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While converting .NET DateTime (when is default(DateTime)) to SqlDateTime should I always check if the .NET date is between SqlDateTime.MinValue and SqlDateTime.MaxValue [or] Is there a good way to do this.

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@JohnSaunders: Yeah, that is kinda picky. – Will Mar 10 '11 at 14:42
up vote 70 down vote accepted

Is it possible that the date could actually be outside that range? Does it come from user input? If the answer to either of these questions is yes, then you should always check - otherwise you're leaving your application prone to error.

You can format your date for inclusion in an SQL statement rather easily:

var sqlFormattedDate = myDateTime.Date.ToString("yyyy-MM-dd HH:mm:ss");
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@Winston: You should not format your date as a string for inclusion in a SQL statement. Use parameterised SQL with a strongly-typed parameter instead. – LukeH Feb 3 '10 at 11:33
I agree with luke. What if you were born on the "users" of the month "table", in the year "drop"? (Seriously tho, do what Luke says) – Rob Fonseca-Ensor Feb 3 '10 at 14:16
Rob: Not possible with a .NET DateTime object, as the formatting is directly converted from numeric values. – Nuzzolilo Dec 6 '13 at 0:55
@Sam: In addition to the security issue mentioned by Rob above, the yyyy-MM-dd format isn't completely culture-independent. More details here:… – LukeH Nov 3 '14 at 13:58
@Sam: I don't know whether similar attacks are possible/likely in the OP's real-world situation; I'd rather just use proper parameterised SQL and avoid the risk altogether. – LukeH Nov 4 '14 at 11:18

If you are checking for DBNULL, converting a SQL Datetime to a .NET DateTime should not be a problem. However, you can run into problems converting a .NET DateTime to a valid SQL DateTime.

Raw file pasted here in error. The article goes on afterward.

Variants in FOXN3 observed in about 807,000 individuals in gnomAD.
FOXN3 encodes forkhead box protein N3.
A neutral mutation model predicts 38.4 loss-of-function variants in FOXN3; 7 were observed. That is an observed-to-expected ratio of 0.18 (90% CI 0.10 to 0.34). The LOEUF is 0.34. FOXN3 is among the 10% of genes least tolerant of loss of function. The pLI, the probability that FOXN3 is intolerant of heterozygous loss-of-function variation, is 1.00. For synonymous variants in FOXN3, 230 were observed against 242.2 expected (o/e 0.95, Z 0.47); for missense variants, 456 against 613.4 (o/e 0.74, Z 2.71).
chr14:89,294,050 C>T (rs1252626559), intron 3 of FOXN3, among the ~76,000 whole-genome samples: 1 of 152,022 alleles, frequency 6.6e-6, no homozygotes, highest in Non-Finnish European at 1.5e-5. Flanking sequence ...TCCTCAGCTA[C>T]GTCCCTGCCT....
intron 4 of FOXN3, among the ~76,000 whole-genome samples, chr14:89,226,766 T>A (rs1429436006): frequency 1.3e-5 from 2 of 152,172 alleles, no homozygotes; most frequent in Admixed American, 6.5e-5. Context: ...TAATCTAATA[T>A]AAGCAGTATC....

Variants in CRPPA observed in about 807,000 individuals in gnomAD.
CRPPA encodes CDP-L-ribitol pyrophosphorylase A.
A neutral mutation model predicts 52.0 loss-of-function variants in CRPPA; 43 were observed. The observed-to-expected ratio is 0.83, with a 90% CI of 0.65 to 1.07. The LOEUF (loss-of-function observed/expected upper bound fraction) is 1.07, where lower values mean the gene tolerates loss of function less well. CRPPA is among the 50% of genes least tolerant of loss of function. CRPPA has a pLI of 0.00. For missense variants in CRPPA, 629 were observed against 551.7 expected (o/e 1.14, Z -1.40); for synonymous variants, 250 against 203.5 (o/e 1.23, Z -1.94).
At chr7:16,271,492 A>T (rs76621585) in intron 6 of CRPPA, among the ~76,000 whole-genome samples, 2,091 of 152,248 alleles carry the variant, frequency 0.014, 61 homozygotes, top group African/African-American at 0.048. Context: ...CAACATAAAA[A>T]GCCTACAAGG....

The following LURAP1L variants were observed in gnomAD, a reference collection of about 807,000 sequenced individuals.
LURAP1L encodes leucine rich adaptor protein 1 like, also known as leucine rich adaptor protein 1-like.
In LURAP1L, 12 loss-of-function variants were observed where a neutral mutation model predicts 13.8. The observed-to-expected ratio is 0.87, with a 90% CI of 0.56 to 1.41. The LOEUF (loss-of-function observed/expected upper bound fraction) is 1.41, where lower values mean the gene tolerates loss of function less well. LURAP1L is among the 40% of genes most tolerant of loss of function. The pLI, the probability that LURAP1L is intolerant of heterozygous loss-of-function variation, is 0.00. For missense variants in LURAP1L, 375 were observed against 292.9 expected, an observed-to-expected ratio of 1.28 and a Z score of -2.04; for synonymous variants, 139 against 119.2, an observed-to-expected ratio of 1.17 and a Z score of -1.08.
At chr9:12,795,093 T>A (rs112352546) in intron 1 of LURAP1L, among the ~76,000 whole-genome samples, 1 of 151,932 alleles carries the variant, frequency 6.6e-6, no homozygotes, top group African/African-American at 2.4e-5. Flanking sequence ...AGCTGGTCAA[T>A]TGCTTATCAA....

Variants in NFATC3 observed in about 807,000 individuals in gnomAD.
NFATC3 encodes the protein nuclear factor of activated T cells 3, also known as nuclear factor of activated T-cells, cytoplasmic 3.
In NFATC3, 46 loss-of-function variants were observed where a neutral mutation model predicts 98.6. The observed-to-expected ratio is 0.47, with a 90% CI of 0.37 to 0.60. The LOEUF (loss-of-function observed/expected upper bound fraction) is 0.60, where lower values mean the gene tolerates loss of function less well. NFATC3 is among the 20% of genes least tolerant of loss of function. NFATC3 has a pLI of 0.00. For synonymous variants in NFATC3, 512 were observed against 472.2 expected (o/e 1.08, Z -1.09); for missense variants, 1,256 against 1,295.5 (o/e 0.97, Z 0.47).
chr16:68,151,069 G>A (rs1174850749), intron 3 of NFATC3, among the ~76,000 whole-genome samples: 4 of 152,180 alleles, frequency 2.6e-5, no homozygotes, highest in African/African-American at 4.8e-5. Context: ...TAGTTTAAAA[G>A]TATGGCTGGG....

SQL Server does not recognize dates prior to 1/1/1753. Thats the year England adopted the Gregorian Calendar. Usually checking for DateTime.MinValue is sufficient, but if you suspect that the data could have years before the 18th century, you need to make another check or use a different data type. (I often wonder what Museums use in their databases)

Checking for max date is not really necessary, SQL Server and .NET DateTime both have a max date of 12/31/9999 It may be a valid business rule but it won't cause a problem.

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Also please remember resolutions [quantum of time] are different.

SQL one is 3.33 ms and .net one is 100 ns.

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on my quest to do this with entitie, i stumbled over here, just hitting back to post what i've found out...

when using EF4, "a sql's" datetime column can be filled from .NET's DateTime using BitConverter.

EntitieObj.thetime = BitConverter.GetBytes(DateTime.Now.ToBinary());

also Fakrudeen's link brought me further... thank you.

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